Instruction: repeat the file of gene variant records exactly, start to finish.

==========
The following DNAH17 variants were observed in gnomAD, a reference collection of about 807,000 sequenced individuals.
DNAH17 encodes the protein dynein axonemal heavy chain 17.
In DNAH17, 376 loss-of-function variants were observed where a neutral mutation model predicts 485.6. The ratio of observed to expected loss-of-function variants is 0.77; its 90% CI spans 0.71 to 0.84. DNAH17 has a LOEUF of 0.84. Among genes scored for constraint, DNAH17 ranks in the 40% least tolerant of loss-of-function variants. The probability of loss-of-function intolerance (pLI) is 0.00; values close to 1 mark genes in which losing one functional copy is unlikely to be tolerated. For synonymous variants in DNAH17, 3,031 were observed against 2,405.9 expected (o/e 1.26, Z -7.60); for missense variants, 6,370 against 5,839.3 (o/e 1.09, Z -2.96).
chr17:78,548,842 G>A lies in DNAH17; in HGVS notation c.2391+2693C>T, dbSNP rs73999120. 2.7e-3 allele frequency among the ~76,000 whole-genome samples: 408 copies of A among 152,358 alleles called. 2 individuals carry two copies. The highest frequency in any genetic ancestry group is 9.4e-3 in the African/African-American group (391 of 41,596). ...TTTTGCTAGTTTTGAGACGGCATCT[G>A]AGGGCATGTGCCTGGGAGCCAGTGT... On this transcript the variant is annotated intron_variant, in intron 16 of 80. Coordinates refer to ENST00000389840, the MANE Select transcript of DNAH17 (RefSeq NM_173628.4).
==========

The following DNAH17 variants were observed in gnomAD, a reference collection of about 807,000 sequenced individuals.
DNAH17 encodes the protein dynein axonemal heavy chain 17.
In DNAH17, 376 loss-of-function variants were observed where a neutral mutation model predicts 485.6. The ratio of observed to expected loss-of-function variants is 0.77; its 90% CI spans 0.71 to 0.84. DNAH17 has a LOEUF of 0.84. Among genes scored for constraint, DNAH17 ranks in the 40% least tolerant of loss-of-function variants. The probability of loss-of-function intolerance (pLI) is 0.00; values close to 1 mark genes in which losing one functional copy is unlikely to be tolerated. For synonymous variants in DNAH17, 3,031 were observed against 2,405.9 expected (o/e 1.26, Z -7.60); for missense variants, 6,370 against 5,839.3 (o/e 1.09, Z -2.96).
chr17:78,548,842 G>A lies in DNAH17; in HGVS notation c.2391+2693C>T, dbSNP rs73999120. 2.7e-3 allele frequency among the ~76,000 whole-genome samples: 408 copies of A among 152,358 alleles called. 2 individuals carry two copies. The highest frequency in any genetic ancestry group is 9.4e-3 in the African/African-American group (391 of 41,596). ...TTTTGCTAGTTTTGAGACGGCATCT[G>A]AGGGCATGTGCCTGGGAGCCAGTGT... On this transcript the variant is annotated intron_variant, in intron 16 of 80. Coordinates refer to ENST00000389840, the MANE Select transcript of DNAH17 (RefSeq NM_173628.4).